Can circular economies do what ESG couldn’t?
This is the second article in a three-part series on how fintech for good (FFG) is helping people and the planet. The first touched on consumer behaviour. If you missed it, check it out here.
This article focuses on fintechs working in the direct climate action section of FFG. We’ll be going deep to understand why ESG was destined to fail and how fintechs embodying a circular economy approach have a much more positive business model.
Direct climate action
Fintechs can have a massive positive impact on the environment. The demand for tangible action is real and, despite still being in the early stages of working in the space, fintechs are perfectly placed to help consumers by shifting where money is invested.
Direct climate action is made up of eight subsections:
Where it’s gone wrong for ESG
People are quick to label things as a saving grace (just look at Big Data and AI). But ultimately, these grand ideas fall short due to people's inflated expectations and misunderstanding of what they really are and how they work. The same thing has happened to ESG.
ESG has had a lot of bad press recently, but that wasn't always the way. It originated in the 1960s as socially responsible investing (SRI), when investors started to exclude stocks or entire industries from their portfolios, based on business activities like tobacco or involvement in the South African apartheid regime.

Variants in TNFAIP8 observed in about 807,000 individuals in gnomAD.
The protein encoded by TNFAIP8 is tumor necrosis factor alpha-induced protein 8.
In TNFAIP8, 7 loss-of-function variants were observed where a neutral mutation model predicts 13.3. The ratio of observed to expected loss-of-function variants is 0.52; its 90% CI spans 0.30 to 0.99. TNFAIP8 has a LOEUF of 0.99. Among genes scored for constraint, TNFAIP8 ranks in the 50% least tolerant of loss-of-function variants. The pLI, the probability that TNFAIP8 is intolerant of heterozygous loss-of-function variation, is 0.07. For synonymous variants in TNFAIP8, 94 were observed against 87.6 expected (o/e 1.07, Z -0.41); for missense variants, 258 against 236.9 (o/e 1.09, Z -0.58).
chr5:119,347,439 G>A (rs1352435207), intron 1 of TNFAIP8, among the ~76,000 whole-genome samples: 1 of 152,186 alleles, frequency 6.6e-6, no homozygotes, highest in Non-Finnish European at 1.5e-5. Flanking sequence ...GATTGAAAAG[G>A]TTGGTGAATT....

So what went wrong? Well, a lot of the backlash and accusations of greenwashing come from four core issues:
The lack of a uniform methodology - ESG funds are based on unregulated ratings. These ratings are, in turn, built on comparative rankings of industry peers and not on any type of universal standards. This is why fossil fuel companies can have better ESG ratings than makers of electric vehicles - Tesla has a worse rating than Shell, for example. This makes it impossible to gauge true ESG impact.
This is why fossil fuel companies can have better ESG ratings than makers of electric vehicles...
Mismarketing - the marketing material that accompanies assets has been found to make exaggerated claims. In August 2021, German asset manager DWS faced an investigation over whether it misled clients. Earlier this year, former CIO of Sustainability at BlackRock Tariq Fancy attacked sustainable investing in an interview with the FT. The evidence piling up suggests that people have been misled for profit.